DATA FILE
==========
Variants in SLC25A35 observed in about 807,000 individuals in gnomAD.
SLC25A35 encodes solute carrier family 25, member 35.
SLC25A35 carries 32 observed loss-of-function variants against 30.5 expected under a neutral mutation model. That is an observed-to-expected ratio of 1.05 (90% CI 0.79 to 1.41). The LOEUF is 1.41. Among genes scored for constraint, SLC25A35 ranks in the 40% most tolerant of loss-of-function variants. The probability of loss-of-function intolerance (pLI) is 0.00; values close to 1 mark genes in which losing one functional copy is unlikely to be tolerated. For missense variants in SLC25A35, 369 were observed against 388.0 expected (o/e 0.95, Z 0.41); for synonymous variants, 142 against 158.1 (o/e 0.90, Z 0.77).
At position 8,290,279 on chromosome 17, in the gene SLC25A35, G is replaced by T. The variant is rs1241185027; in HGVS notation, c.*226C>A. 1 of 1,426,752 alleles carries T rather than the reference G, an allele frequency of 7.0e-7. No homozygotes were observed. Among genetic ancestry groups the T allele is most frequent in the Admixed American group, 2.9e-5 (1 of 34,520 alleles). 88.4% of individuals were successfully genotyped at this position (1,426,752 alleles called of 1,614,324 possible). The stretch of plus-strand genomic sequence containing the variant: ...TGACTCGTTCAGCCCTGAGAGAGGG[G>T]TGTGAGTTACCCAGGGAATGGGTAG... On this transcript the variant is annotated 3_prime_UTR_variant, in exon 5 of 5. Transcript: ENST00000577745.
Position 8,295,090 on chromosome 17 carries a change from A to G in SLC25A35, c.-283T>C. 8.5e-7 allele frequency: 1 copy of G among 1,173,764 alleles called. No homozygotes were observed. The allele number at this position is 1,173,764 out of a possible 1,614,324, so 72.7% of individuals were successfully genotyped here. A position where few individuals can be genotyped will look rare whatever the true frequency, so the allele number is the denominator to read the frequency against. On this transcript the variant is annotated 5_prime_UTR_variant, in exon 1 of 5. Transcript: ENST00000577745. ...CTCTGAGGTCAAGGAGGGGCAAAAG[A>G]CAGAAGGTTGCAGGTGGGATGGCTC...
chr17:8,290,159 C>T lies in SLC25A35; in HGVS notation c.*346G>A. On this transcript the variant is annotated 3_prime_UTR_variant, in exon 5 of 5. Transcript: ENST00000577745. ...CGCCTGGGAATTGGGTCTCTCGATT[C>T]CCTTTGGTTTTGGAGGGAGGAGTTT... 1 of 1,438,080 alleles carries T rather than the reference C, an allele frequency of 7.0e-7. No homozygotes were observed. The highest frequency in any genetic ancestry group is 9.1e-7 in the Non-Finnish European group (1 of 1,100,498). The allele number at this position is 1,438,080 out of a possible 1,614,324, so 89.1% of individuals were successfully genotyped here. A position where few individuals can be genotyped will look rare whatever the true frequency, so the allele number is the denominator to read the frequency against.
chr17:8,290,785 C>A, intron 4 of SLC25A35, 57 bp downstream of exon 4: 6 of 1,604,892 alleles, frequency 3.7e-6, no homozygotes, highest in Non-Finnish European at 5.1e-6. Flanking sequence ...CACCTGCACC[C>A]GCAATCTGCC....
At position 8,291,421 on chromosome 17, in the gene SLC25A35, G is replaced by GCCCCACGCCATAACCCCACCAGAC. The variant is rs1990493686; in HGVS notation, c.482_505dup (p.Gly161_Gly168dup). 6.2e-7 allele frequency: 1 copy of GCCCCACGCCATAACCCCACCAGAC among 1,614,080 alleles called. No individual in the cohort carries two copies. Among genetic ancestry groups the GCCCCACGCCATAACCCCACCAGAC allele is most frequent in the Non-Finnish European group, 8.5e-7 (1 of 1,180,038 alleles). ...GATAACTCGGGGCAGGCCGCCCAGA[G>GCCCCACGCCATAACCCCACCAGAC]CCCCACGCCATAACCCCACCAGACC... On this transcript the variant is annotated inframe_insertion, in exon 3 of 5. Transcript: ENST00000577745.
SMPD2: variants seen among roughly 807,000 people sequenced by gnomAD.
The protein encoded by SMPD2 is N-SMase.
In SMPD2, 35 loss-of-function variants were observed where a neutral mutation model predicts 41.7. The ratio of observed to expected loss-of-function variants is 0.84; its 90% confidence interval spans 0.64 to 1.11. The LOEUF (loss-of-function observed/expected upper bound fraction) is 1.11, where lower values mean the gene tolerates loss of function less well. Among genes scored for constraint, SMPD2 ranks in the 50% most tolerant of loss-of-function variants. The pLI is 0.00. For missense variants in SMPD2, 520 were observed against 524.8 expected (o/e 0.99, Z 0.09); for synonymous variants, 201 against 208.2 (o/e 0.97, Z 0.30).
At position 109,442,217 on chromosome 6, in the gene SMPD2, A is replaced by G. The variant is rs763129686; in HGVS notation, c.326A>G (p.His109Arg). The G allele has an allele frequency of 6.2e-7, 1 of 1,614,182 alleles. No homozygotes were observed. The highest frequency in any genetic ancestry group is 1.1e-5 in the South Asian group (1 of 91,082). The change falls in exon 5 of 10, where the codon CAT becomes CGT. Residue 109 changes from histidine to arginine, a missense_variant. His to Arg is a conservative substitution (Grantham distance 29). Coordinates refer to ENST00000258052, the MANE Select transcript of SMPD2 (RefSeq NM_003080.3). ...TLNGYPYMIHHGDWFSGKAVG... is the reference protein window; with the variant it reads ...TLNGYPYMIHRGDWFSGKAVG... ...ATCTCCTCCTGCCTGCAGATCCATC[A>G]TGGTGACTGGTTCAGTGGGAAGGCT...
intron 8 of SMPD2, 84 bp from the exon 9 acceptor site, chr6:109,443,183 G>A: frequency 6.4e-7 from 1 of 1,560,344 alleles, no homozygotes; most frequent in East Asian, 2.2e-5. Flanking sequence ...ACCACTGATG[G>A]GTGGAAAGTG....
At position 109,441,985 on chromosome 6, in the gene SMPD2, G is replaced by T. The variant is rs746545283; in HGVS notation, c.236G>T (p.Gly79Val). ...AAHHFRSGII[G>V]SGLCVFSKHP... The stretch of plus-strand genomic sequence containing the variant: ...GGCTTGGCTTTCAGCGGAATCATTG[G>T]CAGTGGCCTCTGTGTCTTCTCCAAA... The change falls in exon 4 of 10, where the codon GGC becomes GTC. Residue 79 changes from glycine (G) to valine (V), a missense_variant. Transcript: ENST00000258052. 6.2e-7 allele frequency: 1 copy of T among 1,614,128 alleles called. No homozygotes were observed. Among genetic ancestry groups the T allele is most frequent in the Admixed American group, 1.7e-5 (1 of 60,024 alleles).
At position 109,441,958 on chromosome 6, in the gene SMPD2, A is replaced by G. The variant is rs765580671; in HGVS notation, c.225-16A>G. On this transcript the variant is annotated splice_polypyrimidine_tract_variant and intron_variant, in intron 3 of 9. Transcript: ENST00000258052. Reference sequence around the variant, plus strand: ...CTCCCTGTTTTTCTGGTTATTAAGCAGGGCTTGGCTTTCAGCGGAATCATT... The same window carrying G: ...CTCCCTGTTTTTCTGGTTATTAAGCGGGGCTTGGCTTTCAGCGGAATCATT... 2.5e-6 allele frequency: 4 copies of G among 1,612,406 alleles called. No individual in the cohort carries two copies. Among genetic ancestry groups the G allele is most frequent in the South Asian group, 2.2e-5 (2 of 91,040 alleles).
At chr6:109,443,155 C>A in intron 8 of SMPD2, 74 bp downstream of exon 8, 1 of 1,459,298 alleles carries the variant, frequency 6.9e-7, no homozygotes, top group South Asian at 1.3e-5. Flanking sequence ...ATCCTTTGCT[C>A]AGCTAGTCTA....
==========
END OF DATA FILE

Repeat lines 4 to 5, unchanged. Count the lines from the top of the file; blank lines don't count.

At position 8,290,279 on chromosome 17, in the gene SLC25A35, G is replaced by T. The variant is rs1241185027; in HGVS notation, c.*226C>A. 1 of 1,426,752 alleles carries T rather than the reference G, an allele frequency of 7.0e-7. No homozygotes were observed. Among genetic ancestry groups the T allele is most frequent in the Admixed American group, 2.9e-5 (1 of 34,520 alleles). 88.4% of individuals were successfully genotyped at this position (1,426,752 alleles called of 1,614,324 possible). The stretch of plus-strand genomic sequence containing the variant: ...TGACTCGTTCAGCCCTGAGAGAGGG[G>T]TGTGAGTTACCCAGGGAATGGGTAG... On this transcript the variant is annotated 3_prime_UTR_variant, in exon 5 of 5. Transcript: ENST00000577745.
Position 8,295,090 on chromosome 17 carries a change from A to G in SLC25A35, c.-283T>C. 8.5e-7 allele frequency: 1 copy of G among 1,173,764 alleles called. No homozygotes were observed. The allele number at this position is 1,173,764 out of a possible 1,614,324, so 72.7% of individuals were successfully genotyped here. A position where few individuals can be genotyped will look rare whatever the true frequency, so the allele number is the denominator to read the frequency against. On this transcript the variant is annotated 5_prime_UTR_variant, in exon 1 of 5. Transcript: ENST00000577745. ...CTCTGAGGTCAAGGAGGGGCAAAAG[A>G]CAGAAGGTTGCAGGTGGGATGGCTC...